Platinum and palladium prices subdued by economic uncertainty
Source : GoldMoney.com
Platinum and palladium prices remain under pressure. In yesterday's trading session platinum fell to $1,448 per troy ounce, while palladium dropped as low as $540 per ounce – though the latter recovered slightly afterwards. The gold price is now 10% higher than the platinum price – the highest gold premium relative to platinum for two decades. Base and non-ferrous metals also came under sales pressure.
Yesterday evening the Comex gold price slid below $1,600 per troy ounce, recovering afterwards to the important technical mark of $1,610 per troy ounce. In recent trading sessions the gold price has been fluctuating between $1,610 and $1,675 per troy ounce. Consolidation is the name of the game in the gold market for the moment. The situation at the silver markets is similar. Yesterday the white metal dropped below $29 per ounce, recovering afterwards to the psychologically important mark of $30 per ounce.
At the US Congress, Federal Reserve Chairman Ben Bernanke was asked about the impact that an escalation of the European sovereign debt crisis could have on the US economy. The Fed Chairman answered that there are no safe bets; even if the American banking system hardly owned any Greek debt, and even if the US banks had been able to stock up on liquidity since the heyday of the financial crisis, a disorderly Greek default would cause new turbulences at the financial markets. In such a scenario even the US banking system would not be immune to the aftershocks from a European banking earthquake, and the financial markets would suffer a shortage of liquidity.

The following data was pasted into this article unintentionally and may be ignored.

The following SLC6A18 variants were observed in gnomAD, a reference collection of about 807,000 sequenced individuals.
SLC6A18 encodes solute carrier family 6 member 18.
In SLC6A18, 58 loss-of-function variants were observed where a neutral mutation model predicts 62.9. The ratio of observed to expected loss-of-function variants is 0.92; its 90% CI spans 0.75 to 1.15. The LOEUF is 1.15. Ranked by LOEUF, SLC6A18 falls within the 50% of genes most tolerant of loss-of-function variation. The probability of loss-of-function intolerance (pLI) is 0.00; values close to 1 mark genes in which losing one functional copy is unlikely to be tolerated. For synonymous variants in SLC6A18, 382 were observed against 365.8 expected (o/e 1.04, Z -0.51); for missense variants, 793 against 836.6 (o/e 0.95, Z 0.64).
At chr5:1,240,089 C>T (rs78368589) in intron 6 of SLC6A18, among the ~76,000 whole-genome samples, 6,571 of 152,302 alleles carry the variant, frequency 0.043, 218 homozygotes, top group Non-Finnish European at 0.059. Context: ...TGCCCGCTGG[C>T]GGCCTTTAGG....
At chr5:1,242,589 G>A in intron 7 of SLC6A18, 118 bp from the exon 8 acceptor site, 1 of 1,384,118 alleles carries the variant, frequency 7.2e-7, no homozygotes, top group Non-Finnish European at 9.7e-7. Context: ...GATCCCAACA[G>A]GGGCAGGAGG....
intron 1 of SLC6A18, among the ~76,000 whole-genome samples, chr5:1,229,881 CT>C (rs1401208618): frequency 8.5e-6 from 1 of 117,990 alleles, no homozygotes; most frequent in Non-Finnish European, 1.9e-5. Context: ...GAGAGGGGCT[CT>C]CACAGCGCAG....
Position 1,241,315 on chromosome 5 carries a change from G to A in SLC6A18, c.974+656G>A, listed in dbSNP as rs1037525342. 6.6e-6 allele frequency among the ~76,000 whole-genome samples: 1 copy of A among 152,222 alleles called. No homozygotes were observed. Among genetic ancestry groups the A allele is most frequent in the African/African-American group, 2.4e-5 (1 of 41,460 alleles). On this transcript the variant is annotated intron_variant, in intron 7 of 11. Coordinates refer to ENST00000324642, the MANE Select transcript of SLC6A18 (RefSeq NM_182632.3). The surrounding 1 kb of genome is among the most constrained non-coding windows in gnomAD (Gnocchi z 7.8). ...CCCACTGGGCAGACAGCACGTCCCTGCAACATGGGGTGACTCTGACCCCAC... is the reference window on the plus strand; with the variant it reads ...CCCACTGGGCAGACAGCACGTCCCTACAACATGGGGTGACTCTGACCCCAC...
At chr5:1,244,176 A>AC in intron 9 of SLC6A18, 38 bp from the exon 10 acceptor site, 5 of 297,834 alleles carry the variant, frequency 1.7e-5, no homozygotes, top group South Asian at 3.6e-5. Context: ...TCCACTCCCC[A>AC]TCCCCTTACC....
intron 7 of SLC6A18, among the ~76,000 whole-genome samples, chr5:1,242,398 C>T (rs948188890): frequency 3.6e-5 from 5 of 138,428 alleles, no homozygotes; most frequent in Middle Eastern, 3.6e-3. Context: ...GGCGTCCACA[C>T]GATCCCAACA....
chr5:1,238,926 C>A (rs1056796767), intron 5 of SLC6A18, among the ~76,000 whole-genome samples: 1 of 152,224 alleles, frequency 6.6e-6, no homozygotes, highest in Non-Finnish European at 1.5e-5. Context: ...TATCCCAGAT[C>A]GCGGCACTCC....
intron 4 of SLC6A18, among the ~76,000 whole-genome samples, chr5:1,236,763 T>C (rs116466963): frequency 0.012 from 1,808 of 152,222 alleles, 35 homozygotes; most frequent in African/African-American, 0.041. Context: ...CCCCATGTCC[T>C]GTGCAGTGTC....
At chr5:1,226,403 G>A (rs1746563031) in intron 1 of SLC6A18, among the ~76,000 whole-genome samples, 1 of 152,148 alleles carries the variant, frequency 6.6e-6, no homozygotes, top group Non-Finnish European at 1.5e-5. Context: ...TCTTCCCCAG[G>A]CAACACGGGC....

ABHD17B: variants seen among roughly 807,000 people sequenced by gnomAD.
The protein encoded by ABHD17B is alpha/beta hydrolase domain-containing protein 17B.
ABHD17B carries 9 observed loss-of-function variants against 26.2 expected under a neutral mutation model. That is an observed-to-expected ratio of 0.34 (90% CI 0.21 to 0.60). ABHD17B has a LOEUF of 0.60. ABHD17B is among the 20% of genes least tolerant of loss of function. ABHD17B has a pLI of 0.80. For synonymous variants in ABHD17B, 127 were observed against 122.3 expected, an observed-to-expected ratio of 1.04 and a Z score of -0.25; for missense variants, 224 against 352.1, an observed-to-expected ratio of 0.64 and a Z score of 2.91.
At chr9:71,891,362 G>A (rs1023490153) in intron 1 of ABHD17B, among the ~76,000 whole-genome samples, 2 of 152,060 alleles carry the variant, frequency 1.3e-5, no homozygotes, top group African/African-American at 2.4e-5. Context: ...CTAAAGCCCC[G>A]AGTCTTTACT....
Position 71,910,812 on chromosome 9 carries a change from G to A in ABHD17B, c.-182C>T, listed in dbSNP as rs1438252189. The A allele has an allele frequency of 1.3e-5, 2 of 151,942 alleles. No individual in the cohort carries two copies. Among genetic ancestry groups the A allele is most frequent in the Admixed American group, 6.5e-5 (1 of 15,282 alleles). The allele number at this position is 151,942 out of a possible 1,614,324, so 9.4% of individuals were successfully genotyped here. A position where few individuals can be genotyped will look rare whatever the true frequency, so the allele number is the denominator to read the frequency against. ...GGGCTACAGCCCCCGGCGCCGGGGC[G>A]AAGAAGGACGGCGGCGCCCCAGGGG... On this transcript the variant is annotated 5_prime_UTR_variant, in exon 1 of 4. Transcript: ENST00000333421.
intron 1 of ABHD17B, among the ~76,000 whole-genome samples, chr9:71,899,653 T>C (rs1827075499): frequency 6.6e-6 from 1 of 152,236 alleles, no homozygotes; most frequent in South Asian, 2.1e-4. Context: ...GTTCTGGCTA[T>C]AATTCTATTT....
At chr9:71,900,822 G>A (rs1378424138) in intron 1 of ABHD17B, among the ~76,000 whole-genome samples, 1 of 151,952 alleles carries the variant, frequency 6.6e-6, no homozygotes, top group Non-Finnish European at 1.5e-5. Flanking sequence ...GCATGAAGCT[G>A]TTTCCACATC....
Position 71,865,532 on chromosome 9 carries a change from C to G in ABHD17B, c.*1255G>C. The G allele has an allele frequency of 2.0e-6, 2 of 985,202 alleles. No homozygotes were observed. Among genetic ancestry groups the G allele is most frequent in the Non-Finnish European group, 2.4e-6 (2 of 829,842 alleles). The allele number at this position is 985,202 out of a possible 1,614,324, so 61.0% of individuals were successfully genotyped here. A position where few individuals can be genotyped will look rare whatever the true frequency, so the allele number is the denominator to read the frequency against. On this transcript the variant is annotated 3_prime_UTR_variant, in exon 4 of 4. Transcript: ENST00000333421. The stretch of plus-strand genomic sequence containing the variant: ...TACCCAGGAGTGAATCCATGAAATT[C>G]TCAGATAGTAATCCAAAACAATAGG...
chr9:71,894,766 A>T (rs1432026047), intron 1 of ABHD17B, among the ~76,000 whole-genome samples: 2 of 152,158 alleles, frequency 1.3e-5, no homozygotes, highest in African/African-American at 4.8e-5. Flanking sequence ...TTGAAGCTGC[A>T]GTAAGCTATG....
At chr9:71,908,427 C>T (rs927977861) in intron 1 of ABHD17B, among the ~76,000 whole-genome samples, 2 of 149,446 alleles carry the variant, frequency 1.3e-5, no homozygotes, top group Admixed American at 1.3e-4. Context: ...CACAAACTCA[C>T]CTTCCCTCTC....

Should this be the case, the Fed was already prepared to implement new programmes to provide the markets with liquidity. The Fed has signed a swap-agreement with the European Central Bank (ECB) to provide the ECB with enough dollars in case of emergency, so as to avoid a crash in the interbank lending market. But in the event of a disorderly Greek default, Europe would most certainly drag the US economy down with it. It's just a question of defining the term "disorderly", since a debt default will always be a debt default – regardless of the language used to soothe financial markets’ pain.